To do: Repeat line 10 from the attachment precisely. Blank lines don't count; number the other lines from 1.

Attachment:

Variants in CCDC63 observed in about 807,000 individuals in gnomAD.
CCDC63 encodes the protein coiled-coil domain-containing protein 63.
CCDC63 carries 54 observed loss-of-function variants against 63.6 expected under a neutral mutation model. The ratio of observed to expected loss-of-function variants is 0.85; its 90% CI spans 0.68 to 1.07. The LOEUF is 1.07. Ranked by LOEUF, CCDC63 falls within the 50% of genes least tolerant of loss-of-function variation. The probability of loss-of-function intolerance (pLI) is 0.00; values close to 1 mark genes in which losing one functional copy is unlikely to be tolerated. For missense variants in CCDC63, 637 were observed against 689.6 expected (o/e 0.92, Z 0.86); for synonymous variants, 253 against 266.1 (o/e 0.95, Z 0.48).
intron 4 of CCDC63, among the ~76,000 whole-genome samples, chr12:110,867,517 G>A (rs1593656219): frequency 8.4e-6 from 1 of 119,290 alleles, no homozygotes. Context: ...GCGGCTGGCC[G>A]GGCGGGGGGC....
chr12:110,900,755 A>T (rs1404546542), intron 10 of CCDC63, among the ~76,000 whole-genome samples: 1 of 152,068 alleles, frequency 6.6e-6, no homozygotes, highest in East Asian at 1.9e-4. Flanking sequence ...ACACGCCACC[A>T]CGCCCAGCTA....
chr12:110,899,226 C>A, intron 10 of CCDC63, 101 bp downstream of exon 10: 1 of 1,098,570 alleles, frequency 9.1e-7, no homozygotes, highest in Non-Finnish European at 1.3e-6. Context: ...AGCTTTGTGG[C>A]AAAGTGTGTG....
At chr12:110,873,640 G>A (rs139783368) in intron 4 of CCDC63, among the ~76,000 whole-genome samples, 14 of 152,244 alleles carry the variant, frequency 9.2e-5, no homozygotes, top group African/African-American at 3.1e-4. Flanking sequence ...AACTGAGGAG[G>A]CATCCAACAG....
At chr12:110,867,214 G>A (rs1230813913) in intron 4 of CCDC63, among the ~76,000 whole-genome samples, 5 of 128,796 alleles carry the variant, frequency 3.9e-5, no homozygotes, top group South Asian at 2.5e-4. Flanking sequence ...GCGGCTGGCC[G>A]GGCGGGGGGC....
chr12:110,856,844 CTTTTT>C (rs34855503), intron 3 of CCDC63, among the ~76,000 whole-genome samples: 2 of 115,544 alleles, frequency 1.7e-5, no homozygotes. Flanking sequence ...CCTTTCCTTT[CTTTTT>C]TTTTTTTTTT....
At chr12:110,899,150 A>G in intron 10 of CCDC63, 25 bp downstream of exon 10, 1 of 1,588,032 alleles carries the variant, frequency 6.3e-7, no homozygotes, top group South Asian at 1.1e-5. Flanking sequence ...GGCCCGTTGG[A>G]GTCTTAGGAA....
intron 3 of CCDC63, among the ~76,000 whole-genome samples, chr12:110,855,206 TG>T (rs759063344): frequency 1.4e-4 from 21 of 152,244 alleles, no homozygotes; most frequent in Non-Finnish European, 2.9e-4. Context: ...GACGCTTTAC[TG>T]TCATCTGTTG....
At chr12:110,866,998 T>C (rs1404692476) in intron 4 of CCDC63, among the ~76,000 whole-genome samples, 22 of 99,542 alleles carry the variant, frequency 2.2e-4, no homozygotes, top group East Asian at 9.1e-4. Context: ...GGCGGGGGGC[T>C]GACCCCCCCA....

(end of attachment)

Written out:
At chr12:110,899,150 A>G in intron 10 of CCDC63, 25 bp downstream of exon 10, 1 of 1,588,032 alleles carries the variant, frequency 6.3e-7, no homozygotes, top group South Asian at 1.1e-5. Flanking sequence ...GGCCCGTTGG[A>G]GTCTTAGGAA....